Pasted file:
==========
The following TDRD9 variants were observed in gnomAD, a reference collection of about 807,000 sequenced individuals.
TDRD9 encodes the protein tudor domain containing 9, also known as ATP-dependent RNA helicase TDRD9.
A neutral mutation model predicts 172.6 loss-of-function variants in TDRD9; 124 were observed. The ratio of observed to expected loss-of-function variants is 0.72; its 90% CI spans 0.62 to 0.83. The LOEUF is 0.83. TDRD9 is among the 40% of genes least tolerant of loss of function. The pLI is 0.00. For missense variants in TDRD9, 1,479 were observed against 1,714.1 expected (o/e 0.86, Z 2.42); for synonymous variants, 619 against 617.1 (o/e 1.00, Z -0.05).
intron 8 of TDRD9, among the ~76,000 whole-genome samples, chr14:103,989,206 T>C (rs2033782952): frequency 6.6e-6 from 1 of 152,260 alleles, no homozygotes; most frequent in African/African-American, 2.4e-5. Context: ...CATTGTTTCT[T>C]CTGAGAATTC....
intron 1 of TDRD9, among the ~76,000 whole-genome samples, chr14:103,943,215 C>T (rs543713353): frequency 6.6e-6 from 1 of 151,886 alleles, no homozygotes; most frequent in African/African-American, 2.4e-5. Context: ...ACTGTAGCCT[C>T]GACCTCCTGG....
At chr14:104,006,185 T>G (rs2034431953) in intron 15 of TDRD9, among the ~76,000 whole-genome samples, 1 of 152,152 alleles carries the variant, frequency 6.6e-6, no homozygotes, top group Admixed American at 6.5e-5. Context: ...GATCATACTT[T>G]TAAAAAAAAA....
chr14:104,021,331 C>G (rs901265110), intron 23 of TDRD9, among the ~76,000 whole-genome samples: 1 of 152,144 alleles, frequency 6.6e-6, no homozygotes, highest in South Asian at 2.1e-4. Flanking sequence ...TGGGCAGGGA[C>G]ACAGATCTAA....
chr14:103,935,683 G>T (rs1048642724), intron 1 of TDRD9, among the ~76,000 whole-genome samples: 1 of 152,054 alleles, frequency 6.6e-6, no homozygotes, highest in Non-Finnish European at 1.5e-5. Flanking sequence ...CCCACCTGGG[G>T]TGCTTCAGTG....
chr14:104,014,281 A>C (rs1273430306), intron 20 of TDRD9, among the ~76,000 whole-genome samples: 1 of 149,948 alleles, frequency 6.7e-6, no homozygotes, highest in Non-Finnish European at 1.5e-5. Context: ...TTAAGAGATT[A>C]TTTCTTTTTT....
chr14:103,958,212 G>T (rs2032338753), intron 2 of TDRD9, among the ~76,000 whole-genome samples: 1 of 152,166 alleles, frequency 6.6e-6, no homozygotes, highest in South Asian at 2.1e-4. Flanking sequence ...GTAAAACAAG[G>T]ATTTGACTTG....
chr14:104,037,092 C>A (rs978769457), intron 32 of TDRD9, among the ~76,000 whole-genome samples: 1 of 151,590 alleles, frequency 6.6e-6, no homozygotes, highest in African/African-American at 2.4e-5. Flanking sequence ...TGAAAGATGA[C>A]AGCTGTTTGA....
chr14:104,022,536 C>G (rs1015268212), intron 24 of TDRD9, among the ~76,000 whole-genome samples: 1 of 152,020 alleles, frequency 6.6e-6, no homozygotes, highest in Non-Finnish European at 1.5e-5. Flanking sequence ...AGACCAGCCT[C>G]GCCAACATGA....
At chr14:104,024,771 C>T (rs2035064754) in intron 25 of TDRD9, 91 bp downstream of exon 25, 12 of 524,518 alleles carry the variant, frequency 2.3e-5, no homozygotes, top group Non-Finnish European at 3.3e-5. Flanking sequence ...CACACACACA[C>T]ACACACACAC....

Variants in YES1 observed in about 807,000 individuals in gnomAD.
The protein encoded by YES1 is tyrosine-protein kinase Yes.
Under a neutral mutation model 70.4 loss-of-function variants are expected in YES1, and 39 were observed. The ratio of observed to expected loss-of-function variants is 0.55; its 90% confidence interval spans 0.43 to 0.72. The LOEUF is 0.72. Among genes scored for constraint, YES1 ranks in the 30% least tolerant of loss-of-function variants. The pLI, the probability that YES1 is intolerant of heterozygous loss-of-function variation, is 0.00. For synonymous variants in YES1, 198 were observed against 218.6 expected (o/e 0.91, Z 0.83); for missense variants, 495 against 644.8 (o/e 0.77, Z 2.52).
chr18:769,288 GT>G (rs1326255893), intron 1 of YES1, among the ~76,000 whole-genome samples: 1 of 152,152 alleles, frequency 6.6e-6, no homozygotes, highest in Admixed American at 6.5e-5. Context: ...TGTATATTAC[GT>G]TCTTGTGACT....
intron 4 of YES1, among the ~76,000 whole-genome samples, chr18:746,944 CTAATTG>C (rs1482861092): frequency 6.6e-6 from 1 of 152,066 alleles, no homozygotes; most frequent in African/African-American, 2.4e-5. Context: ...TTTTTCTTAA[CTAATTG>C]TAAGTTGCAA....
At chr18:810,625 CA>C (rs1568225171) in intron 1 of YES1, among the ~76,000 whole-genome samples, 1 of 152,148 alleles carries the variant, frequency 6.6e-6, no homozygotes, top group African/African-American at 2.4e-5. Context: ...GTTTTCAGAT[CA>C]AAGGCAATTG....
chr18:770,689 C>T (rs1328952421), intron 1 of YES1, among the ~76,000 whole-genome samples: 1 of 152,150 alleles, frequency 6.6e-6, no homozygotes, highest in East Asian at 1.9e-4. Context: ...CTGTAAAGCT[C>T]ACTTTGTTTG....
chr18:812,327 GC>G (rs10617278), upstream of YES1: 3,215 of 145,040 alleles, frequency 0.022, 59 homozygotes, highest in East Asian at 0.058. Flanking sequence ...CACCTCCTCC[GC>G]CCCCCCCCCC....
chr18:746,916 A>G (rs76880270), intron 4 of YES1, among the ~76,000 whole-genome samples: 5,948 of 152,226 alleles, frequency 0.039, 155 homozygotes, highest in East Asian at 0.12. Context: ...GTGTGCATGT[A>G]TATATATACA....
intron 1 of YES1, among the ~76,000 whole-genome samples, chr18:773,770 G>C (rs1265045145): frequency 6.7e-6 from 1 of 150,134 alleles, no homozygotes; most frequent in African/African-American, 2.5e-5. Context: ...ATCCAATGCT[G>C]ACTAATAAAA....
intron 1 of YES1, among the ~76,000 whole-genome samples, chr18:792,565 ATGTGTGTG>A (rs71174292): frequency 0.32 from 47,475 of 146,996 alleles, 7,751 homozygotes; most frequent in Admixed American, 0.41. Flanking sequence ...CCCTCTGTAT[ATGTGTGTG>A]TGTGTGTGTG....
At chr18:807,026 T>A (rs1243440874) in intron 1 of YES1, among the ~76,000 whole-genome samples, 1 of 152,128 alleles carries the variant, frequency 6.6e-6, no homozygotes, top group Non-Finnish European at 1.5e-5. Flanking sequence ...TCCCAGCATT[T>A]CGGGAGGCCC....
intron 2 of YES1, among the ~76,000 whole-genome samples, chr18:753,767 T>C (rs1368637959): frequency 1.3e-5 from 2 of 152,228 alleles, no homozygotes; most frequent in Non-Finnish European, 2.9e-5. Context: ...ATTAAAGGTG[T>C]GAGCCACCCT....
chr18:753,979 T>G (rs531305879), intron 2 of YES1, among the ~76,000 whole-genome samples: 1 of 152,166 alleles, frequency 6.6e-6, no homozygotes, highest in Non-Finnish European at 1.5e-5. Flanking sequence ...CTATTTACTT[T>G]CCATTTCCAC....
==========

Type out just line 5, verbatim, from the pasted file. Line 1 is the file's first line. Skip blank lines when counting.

intron 1 of TDRD9, among the ~76,000 whole-genome samples, chr14:103,943,215 C>T (rs543713353): frequency 6.6e-6 from 1 of 151,886 alleles, no homozygotes; most frequent in African/African-American, 2.4e-5. Context: ...ACTGTAGCCT[C>T]GACCTCCTGG....